The biggest mistakes usually involve tailoring — gowns not fitting properly. It’s so important and can make all the difference. The second biggest mistake is not posing properly. Part of conquering the red carpet is not only choosing the right dress but then selling that dress. The reason Jennifer Lopez always looks so great, besides the gorgeous gowns, is because she knows how to pose in them, how to give photographers the fashion money shot. Think about Lupita Nyong’o twirling in pale blue Prada at last year’s Oscars — that’s what I mean.

Speaking of which: Off the top of your head, what two Oscar looks top your best-ever list?

[Pause] I’d have to say Michelle Williams wearing Vera Wang [in 2006] — that jewel-like yellow looked amazing on the red carpet, as did her soft hair and red lips. And Gwyneth Paltrow in white Tom Ford [2012]. It was such a clean, minimal look, right down to her low ponytail and simple diamond cuff. The red carpet had always been very opulent until then, and that signaled a turning point.

What’s a red carpet trend that you never want to see repeated?

Hmmmm.... I think a bad trend is playing it too safe. I think we really appreciate it when they go for it — even if they turn up on a worst-dressed list, at least they tried. And it’s often a great decision. I love that Jennifer Aniston is easing out of her regular look and trying out new things like the red suit she just wore [at the Critics’ Choice Awards]. And Emma Stone in those Lanvin pants [at the Golden Globes] was so great!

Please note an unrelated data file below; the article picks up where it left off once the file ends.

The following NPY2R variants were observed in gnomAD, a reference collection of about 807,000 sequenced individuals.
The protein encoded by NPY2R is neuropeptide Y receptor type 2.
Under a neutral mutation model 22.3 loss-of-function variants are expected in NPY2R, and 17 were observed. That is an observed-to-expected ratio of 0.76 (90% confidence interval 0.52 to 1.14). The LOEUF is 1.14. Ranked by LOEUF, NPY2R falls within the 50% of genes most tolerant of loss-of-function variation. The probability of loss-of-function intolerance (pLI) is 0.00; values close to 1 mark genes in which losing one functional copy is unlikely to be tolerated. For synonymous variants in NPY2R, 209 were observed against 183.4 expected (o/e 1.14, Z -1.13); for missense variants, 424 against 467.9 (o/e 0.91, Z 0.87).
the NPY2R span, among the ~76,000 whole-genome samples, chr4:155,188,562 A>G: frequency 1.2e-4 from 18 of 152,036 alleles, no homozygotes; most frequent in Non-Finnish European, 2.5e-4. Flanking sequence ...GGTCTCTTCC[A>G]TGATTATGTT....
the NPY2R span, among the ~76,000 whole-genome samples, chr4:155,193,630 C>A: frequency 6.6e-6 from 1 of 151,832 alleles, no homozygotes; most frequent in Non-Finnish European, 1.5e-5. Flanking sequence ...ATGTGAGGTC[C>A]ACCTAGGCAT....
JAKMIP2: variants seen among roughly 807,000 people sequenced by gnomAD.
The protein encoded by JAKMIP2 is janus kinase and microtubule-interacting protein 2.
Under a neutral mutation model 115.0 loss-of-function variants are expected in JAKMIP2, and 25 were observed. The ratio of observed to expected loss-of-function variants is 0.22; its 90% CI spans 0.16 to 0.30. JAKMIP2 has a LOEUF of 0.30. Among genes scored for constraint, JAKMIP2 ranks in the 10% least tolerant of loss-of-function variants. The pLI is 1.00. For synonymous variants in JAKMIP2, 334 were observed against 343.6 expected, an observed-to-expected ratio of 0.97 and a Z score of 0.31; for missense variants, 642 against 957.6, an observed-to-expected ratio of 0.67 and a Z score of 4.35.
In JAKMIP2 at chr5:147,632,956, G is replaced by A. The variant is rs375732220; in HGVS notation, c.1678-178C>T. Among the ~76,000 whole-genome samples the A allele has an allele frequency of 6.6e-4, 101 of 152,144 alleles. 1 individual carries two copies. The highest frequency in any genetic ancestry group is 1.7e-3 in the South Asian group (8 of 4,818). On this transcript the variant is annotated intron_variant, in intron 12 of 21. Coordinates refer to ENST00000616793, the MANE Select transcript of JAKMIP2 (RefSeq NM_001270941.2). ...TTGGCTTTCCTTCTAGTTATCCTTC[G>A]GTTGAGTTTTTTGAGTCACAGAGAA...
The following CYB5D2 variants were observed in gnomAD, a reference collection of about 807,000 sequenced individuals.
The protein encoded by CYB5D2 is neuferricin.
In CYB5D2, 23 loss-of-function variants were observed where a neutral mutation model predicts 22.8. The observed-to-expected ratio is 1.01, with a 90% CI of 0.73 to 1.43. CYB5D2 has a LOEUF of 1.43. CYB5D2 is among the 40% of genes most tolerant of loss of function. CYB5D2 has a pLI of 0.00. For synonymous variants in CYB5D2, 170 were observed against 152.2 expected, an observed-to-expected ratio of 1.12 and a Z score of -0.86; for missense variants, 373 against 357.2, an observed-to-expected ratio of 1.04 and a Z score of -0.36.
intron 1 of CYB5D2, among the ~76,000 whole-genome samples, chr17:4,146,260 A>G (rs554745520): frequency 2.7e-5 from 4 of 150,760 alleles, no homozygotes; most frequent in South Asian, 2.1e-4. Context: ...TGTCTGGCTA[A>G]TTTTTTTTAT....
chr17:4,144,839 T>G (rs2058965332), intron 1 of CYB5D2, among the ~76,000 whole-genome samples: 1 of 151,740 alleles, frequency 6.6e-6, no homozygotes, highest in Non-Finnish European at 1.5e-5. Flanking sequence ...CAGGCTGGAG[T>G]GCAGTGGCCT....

If you could dress one celebrity from the past, who would it be?

Marilyn Monroe! She’s part of the reason I wanted to be a stylist. When I was growing up, she just embodied to me what glamour and beauty are. My mom likes to tell a story about how when I was 5 years old and at my aunt’s wedding, I refused to dance with any woman who wasn’t a blond. That was probably because of Marilyn.

Aside from your own clients, who do you consider the most stylish woman in the world?

Ooooh.... I’d have to say Diane Kruger. I think she always gets it right, and she’s one of the only celebrities who doesn’t use a stylist. She’s never overdone, and her hair and makeup are always beautiful. In 2012, when she was on the jury at the Cannes Film Festival, everything she wore was amazing, mind-blowing. She also happens to be extremely nice and intelligent and gracious, which is a very rare combination.